To improve flow, we must view OpenStack community as a Software Factory

This post was sparked by a conversation at OpenStack Atlanta between OpenStack Foundation board members Todd Moore (IBM) and Rob Hirschfeld (Dell/Community).  We share a background in industrial and software process and felt that sharing lean manufacturing translates directly to helping face OpenStack challenges.

While OpenStack has done an amazing job of growing contributors, scale has caused our code flow processes to be bottlenecked at the review stage.  This blocks flow throughout the entire system and presents a significant risk to both stability and feature addition.  Flow failures can ultimately lead to vendor forking.

Fundamentally, Todd and I felt that OpenStack needs to address system flows to build an integrated product.  The post expands on the “hidden influencers” issue and adds an additional challenge because improving flow requires that the community influences better understands the need to optimize work inter-project in a more systematic way.

Let’s start by visualizing the “OpenStack Factory”

Factory Floor

Factory Floor from Alpha Industries Wikipedia page

Imagine all of OpenStack’s 1000s of developers working together in a single giant start-up warehouse.  Each project in its own floor area with appropriate fooz tables, break areas and coffee bars.  It’s easy to visualize clusters of intent developers talking around tables or coding in dark corners while PTLs and TC members dash between groups coordinating work.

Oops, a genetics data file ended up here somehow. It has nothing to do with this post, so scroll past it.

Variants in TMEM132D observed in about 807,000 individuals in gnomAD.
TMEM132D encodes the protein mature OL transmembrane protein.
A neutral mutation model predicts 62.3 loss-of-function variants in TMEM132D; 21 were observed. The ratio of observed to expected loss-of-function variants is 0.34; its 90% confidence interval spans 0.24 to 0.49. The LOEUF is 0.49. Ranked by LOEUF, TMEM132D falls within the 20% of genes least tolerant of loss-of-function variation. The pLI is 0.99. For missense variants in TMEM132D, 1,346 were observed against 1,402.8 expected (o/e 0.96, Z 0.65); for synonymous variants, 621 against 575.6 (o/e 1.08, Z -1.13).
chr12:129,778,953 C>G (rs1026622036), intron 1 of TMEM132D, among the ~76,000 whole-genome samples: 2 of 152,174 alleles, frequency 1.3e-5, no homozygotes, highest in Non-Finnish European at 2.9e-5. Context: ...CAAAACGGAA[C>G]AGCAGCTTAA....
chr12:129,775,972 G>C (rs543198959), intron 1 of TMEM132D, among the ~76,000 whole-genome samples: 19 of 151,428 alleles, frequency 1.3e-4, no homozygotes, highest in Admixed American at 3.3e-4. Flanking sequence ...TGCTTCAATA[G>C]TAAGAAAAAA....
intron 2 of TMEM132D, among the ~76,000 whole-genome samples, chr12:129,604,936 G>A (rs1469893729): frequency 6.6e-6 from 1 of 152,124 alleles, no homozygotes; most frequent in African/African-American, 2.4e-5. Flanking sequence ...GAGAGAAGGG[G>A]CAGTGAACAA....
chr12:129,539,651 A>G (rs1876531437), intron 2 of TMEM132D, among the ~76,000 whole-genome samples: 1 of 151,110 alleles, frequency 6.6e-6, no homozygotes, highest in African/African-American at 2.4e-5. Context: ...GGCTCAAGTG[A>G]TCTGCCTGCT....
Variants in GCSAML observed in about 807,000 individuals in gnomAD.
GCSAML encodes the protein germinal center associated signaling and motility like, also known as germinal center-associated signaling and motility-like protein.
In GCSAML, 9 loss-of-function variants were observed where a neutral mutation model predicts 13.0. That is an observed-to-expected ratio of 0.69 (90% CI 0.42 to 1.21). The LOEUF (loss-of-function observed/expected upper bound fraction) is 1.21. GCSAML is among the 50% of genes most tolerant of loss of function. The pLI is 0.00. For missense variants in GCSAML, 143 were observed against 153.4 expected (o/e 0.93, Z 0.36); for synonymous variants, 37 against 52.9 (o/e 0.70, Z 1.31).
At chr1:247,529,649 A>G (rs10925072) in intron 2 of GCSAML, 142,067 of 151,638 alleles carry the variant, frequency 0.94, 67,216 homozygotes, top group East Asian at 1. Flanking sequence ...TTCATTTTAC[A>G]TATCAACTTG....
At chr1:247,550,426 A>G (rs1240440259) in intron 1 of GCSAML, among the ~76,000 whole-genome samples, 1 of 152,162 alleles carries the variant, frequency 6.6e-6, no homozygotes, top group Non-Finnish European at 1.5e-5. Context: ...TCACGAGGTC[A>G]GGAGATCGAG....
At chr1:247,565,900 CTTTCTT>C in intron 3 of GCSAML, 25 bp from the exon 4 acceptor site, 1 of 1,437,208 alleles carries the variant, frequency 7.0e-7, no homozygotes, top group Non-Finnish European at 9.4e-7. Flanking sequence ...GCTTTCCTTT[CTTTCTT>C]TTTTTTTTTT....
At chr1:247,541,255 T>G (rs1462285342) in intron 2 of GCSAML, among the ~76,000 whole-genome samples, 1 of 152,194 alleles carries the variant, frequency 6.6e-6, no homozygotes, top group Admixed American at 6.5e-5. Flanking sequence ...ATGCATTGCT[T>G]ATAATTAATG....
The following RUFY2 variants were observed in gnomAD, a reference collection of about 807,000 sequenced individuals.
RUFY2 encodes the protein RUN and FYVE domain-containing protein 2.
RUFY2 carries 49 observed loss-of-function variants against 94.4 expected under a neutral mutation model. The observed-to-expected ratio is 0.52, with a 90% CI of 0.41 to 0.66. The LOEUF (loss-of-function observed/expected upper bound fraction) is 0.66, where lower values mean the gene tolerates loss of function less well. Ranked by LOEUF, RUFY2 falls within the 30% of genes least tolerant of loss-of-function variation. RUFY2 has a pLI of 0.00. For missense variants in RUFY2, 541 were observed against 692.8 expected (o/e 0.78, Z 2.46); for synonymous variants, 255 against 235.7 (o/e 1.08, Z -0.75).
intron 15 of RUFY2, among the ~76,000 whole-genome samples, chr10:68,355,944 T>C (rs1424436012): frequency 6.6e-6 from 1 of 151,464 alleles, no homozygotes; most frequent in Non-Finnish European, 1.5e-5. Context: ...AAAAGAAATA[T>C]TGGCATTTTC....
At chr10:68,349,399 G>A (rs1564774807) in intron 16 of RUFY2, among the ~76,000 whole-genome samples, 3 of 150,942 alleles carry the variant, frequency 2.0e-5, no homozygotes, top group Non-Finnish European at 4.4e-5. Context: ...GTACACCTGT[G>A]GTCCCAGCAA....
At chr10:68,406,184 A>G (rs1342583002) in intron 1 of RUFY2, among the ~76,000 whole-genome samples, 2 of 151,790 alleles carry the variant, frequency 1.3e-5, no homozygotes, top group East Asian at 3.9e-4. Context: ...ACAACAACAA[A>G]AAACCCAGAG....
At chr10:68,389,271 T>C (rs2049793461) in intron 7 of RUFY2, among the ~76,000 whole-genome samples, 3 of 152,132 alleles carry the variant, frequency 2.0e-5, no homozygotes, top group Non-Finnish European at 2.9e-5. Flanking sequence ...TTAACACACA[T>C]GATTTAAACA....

Expand the visualization so that we can actually see the code flowing between teams as little colored boxes.  Giving project has a unique color allows us to quickly see dependencies between teams.  Some features are piled up waiting for review inside teams while others are waiting on pallets between projects waiting on needed cross features have not completed.  At release time, we’d be able to see PTLs sorting through stacks of completed boxes to pick which ones were ready to ship.

Watching a factory floor from above is a humbling experience and a key feature of systems thinking enlightenment in both The Phoenix Project and The Goal.  It’s very easy to be caught up in a single project (local optimization) and miss the broader system implications of local choices.

There is a large body of work about Lean Process for Manufacturing

You’ve already visualized OpenStack code creation as a manufacturing floor: it’s a small step to accept that we can use the same proven processes for software and physical manufacturing.

As features move between teams (work centers), it becomes obvious that we’ve created a very highly interlocked sequence of component steps needed to deliver product; unfortunately, we have minimal coordination between the owners of the work centers.  If a feature is needs a critical resource (think programmer) to progress then we rely on the resource to allocate time to the work.  Since that person’s manager may not agree to the priority, we have a conflict between system flow and individual optimization.

That conflict destroys flow in the system.